pinch of salt

5 cups stale or slightly dried bread cubes, cut into 1-inch chunks

¼ cup coarsely broken raw pecan halves

In a small bowl, combine dried apricots and bourbon. Toss to combine, then allow to soak for at least 20 minutes, tossing frequently to make sure the bourbon reaches every bit of the apricots.

Preheat oven to 325 degrees Fahrenheit.

Meanwhile, in a medium bowl or in a large measuring cup, combine milk, eggs, 3 tablespoons dark brown sugar, vanilla, and salt. Whisk vigorously until the brown sugar has dissolved and the eggs are completely combined. Place the bread cubes in an 8” x 8” square baking pan, then pour the custard over the bread, soaking every piece as much as possible. Allow bread to rest in the custard for 15 minutes, pushing the bread down into the custard every couple of minutes to ensure that everything gets nice and soaked.

When the bread has finished soaking, remove the apricots from the bourbon (discarding the remaining bourbon, ahem, in any way you wish). Add the apricots to the soaked bread, using your fingers to poke the fruit down and really nestle them in. Sprinkle the pecans over the top of the bread, then sprinkle over the 1 teaspoon of dark brown sugar.

Bake in the center of the oven for 45 to 50 minutes, until the custard in the center of the pudding is set, and the bread has puffed up quite a bit and turned a nice golden shade. Serve hot or warm.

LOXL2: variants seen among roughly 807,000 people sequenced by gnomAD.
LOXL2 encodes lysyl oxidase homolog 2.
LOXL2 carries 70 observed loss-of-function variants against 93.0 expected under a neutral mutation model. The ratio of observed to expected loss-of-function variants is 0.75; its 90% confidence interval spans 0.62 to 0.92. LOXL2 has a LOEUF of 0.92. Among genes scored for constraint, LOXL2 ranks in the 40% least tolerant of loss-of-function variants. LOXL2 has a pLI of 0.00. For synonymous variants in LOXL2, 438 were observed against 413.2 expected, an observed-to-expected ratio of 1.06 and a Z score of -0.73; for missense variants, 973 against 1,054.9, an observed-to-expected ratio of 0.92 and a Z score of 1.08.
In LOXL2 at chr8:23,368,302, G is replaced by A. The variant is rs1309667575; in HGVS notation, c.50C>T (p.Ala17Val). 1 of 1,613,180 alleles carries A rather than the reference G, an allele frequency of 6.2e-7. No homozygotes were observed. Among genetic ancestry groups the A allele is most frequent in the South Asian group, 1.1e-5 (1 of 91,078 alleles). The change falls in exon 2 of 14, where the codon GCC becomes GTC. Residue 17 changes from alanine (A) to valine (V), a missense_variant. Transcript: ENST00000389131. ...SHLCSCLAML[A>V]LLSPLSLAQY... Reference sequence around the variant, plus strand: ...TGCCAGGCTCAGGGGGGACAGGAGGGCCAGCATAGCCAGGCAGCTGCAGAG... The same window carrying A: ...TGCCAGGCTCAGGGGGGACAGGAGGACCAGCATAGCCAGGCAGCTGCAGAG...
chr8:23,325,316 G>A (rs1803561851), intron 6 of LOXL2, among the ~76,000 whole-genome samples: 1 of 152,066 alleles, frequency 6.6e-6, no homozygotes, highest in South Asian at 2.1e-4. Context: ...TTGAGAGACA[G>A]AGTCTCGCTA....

Makes roughly 6 to 8 servings.

Pear and Chocolate Bread Pudding

21 Nov

Do you believe that the subconscious can really drive one’s actions?  That inclinations deep inside you can dictate your unwitting behavior?  Sometimes I really do wonder, most pointedly because lately, completely contrary to what had previously passed as the norm around here, I have been leaving loaves of delicious, crusty bread out on the counter, allowing them to become stale beyond the limits of standard consumption.  But then, stale and slightly dry, what do they then magically transform into?  Perfect bread for bread pudding, that’s what.

I will eat bread pudding in any form.  Made with brioche, a baguette, or, as is the standard at the legendary Heathman Restaurant and Bar, lightly drizzled with warm caramel sauce, I do not believe that there is a bread pudding I would not eat, love, and cherish to the very end.  (Except perhaps for that one horrifying recipe I once saw that made bread pudding with Krispy Kreme doughnuts, sweetened condensed milk, and a couple of tins of fruit cocktail.  No.  Just no.)